For LGBTQ people who lived through having their identities and rights debated and assailed daily throughout that controversy, the effects were devastating. Wilson pointed to a two-year study in HB 2’s wake, highlighting a number of alarming trends.
“In North Carolina after HB 2 … we saw gender-identity-motivated hate crimes actually increased in the state,” Wilson said. “So there can be these larger cultural effects of the legislation that can adversely affect LBTBQ+ individuals by normalizing stigma. Where there is stigma, oftentimes there is increased violence.”
During the HB 2 controversy and its aftermath, state lawmakers promoted right-wing groups that opposed same-sex marriage while rejecting the medical mainstream conclusions of the American Medical Association, American Psychiatric Association, and American Academy of Pediatrics. That came at a cost, Wilson said.
“There are downstream effects of that increased exposure to stigma, violence, and hate crimes, where North Carolinians who are LGBTQ+ reported feeling increased depression and anxiety,” Wilson said. “This is a group that already faces disproportionate rates of discrimination, harassment, stigma, and these bills serve to potentially have an amplifying effect for these inequities we already see.”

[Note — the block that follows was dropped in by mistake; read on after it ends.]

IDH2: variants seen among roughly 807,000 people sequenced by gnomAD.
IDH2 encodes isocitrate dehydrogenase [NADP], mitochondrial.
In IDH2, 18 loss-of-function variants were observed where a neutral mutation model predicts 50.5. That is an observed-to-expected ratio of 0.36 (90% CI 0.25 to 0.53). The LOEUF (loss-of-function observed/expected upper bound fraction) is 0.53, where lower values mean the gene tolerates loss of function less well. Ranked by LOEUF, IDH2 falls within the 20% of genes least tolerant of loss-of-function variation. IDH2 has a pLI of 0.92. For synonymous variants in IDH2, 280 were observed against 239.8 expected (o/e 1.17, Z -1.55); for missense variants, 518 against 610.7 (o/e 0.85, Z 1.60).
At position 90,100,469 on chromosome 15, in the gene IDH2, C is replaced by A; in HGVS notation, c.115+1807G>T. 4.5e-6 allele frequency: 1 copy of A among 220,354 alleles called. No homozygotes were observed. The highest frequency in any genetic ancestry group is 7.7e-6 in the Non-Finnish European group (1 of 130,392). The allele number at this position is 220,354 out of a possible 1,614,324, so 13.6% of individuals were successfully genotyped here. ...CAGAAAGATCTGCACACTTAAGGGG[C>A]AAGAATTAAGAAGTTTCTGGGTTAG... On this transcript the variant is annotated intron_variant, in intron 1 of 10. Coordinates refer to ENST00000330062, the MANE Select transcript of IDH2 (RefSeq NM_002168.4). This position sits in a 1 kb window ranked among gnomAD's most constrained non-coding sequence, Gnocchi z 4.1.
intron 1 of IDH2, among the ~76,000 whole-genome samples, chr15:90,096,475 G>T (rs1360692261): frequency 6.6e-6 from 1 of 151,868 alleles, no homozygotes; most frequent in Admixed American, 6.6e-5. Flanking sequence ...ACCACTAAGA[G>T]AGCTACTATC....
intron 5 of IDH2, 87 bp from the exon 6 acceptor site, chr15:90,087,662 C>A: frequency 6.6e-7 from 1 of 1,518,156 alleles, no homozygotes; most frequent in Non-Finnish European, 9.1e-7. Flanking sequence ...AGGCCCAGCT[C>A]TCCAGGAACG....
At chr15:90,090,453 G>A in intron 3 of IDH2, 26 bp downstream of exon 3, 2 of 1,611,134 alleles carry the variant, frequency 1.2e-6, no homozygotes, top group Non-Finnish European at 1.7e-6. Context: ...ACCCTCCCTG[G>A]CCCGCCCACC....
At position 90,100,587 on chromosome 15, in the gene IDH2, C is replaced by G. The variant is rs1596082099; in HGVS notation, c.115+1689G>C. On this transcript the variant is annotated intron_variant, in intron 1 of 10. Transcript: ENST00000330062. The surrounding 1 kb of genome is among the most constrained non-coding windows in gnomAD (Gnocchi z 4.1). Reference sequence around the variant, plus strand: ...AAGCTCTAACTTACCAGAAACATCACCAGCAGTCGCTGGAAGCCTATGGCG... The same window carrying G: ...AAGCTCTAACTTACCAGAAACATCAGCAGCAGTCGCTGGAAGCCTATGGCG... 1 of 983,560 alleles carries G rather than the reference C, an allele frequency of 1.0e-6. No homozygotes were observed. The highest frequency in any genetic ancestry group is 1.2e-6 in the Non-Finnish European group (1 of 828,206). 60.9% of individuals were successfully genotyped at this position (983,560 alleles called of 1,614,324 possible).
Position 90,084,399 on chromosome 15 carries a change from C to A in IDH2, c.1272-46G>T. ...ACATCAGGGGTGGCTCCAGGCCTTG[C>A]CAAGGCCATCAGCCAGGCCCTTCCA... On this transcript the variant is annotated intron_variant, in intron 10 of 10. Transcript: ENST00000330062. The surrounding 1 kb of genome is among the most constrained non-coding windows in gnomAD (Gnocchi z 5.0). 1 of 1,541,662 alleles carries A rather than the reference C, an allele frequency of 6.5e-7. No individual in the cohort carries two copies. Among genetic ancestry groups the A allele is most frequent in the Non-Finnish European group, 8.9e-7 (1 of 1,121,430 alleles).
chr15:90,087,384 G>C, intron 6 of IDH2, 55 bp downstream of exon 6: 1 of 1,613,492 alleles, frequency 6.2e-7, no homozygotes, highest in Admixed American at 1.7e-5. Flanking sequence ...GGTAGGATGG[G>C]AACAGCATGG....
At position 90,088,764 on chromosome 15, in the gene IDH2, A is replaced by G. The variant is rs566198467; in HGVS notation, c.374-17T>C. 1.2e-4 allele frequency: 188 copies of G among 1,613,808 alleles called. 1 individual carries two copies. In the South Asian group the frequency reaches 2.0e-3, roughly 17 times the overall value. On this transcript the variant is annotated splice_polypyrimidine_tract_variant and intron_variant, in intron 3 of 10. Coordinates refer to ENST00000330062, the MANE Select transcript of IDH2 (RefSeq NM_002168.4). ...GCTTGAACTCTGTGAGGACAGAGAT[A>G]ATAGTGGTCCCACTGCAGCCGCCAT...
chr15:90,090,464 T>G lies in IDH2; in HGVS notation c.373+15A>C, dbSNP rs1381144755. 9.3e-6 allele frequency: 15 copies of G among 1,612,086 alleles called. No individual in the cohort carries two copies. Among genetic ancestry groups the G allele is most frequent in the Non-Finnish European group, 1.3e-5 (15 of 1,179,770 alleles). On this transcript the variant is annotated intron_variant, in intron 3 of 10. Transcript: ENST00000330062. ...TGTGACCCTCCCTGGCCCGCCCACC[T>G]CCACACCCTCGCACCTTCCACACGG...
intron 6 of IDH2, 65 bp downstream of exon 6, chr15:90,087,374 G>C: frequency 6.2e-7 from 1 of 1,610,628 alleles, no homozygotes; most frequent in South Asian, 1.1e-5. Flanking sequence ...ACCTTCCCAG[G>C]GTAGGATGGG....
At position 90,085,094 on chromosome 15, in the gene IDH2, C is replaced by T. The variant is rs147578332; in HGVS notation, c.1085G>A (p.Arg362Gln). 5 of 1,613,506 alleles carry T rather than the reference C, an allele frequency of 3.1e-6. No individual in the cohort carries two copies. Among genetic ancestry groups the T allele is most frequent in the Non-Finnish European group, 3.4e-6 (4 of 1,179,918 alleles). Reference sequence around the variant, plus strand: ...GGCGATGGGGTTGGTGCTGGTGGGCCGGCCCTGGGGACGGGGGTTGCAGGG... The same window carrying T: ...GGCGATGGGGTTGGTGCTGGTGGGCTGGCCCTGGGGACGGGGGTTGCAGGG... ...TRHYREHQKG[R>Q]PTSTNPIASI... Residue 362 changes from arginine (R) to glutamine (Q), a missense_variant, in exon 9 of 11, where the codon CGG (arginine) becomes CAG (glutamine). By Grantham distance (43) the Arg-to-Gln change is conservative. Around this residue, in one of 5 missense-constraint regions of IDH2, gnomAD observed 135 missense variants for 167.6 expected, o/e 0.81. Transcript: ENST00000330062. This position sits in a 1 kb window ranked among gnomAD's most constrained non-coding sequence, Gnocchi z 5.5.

Transgender people—especially youth and people of color—suffered the greatest negative impact.
“Suicidal ideation increased among transgender and gender-nonconforming North Carolinians, and hate crimes increased,” Wilson said. “Depression and anxiety among transgender North Carolinians also increased. We saw these reverberating effects throughout people’s lives. We saw people delaying health care because of these bills, because there was a concern over general attitudes towards transgender and nonbinary folks.”
Limiting what students can hear, read, and say about gender identity in their schools is particularly dangerous, Wilson said, as LGBTQ youth often find badly needed support and community there.